- Jesus, on earth, did not have the glory which he once had in heaven
With these in mind, let us answer the question by means of the following example:
Let us say that I am a musician and you had a desire to hear me play. You then came over only to find out that I had left my instrument at a friend’s house, hence, I cannot perform for you. Does this mean that I am not a musician? Does this mean that I do not have the ability to play?“ The answer is no. In the same way, Jesus not knowing the day or the hour is due to him not possessing the glory which he held in in heaven prior to the incarnation.
This does not controvert his divinity in the same way as the cited illustration does not invalidate the fact that I am a musician. When Jesus was to be fully glorified again (Which he now is) he will know the day and the hour just like when I get my instrument back, I can go ahead and perform for whoever has the desire to hear me play
This dilemma can also be explained by comparing the likings of Jesus’ seemingly mental shortcomings to an embryo of a plant. The embryo, as we know, is already in full possession of everything. It merely needs to NOT GAIN, but DEVELOP what is ALREADY there. Similarly, Christ served as the proprietor of all knowledge, yet by taking on human form, some of what was ALREADY there did not yet come to fruition and was veiled.
8. Jesus called the Father his God. (John 20:27)
In John 20:27, we stumble upon a passage that, from the onset, appears to be nothing short of troubling in terms of substantiating the divinity of the Messiah. Muslims absolutely love to utilize the relevant verse, seeing as it unambiguously paints Christ as calling God HIS God, which, understandably, provides them with the impression that our whole theology rests in erroneous misinterpretations. But here is why they are false:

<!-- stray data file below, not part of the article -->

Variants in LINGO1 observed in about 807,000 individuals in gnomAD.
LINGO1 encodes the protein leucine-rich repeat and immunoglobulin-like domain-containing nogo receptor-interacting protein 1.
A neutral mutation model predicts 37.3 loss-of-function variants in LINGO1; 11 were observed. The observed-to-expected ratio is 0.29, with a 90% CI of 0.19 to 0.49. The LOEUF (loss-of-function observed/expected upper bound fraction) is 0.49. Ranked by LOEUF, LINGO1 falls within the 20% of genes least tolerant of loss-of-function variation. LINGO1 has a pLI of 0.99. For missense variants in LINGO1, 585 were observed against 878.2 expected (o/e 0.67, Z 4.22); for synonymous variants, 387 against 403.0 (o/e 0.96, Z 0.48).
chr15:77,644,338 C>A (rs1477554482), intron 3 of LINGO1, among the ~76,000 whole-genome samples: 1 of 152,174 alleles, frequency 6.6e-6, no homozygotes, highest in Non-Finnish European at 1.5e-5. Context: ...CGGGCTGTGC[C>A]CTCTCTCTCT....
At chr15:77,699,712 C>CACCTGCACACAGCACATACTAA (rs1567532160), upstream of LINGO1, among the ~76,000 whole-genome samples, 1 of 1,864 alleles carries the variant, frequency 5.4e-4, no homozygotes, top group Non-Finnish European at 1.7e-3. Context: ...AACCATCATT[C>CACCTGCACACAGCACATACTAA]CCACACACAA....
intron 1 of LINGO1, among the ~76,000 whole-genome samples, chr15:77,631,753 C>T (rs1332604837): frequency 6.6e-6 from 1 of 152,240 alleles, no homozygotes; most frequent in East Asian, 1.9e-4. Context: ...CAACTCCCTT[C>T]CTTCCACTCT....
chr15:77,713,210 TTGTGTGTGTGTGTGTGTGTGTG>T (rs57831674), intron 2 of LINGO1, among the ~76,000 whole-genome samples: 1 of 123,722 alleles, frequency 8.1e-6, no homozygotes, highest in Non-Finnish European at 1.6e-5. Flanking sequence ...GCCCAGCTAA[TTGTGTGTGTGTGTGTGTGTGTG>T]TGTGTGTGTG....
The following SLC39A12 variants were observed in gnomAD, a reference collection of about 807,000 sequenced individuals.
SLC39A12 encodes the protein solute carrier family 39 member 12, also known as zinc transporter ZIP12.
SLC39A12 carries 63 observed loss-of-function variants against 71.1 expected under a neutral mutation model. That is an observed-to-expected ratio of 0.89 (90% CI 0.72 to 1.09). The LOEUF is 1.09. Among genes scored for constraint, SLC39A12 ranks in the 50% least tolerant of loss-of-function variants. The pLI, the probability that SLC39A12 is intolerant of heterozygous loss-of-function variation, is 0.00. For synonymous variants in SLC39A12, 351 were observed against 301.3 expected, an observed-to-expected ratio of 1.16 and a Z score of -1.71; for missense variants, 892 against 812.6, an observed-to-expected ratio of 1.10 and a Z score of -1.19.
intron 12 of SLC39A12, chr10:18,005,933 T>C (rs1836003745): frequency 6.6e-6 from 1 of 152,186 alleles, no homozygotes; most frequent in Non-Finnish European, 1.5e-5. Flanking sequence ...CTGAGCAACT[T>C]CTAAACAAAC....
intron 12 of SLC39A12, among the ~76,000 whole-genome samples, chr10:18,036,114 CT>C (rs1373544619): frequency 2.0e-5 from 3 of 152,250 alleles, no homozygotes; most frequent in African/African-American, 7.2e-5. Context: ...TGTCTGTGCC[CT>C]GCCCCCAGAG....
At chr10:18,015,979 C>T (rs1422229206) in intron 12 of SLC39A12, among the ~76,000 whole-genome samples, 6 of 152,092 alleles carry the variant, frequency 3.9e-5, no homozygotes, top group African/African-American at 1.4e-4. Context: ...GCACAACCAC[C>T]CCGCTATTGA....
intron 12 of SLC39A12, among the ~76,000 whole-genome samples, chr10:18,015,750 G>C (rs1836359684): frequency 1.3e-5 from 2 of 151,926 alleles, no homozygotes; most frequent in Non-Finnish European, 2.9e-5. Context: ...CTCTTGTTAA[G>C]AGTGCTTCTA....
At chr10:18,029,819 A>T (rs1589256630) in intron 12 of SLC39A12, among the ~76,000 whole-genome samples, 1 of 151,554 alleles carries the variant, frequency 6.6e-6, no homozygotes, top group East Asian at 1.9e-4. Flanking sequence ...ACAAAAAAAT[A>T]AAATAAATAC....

- Jesus of Nazareth was the proprietor of a twofold nature: MAN and GOD. HUMAN and DIVINE. If he was not the former, then he wouldn’t be fit to die on the cross as a PHYSICAL sacrifice for the forgiveness of our sins. If he wasn’t the latter, then Christ would not have the capability to meet the standards of perfection and hence not fulfill the prerequisites of an unblemished saviour.
You see, when the Messiah instructed his contemporaries, initially, he had to firmly establish the belief in both these factors. This is why when one begins to read the gospel narrative, he/she may run into seemingly contradictory statements flowing from the mouth of Christ, the reason being that they are sourced within different standpoints: Mortality and Divinity. Calling God HIS God manifested his manhood, as the LORD is God over all flesh. Whereas referring to himself as being one with the most high unveiled his claim to Godhood.
- As we know, with every word comes a meaning. And with every meaning comes a circumstantial framework. Hence, to correctly determine which definition is suitable for a specific term, we must come to view it through the lens of its scriptural context. Now many of you may be stating “ well, surely we cannot apply this rule to God”. Yet, when we come to read the gospel narrative, we see that Jesus did this very same thing.
According to Merriam Webster’s dictionary, the term god can mean:
- Something that people admire and try to copy.
- Something people consider important and allows it to control their lives.
- Something extremely attractive.
But is there any evidence or scriptural substantiations that display unto the reader that Christ viewed the Father in a somewhat similar fashion?
- Jesus told us that he does exactly what the Father does. He does what he SEES the Father doing. (John 5:19)
- Furthermore, as he hears he judges. (John 5:30)
So Jesus calling God HIS God does not necessarily mean that he was of a lower nature. But that his Father was someone whom he admired, submitted to the authority of, and emulated while on earth.
9. Jesus said the Father is greater than him. (John 14:28)
My response: http://reasonsforjesus.com/the-father-is-greater-than-i-does-this-disprove-trinity/
10. Jesus said no one is Good but God. ( Mark 10:18)
My response: http://reasonsforjesus.com/no-one-good-god-mean-jesus-wasnt-god/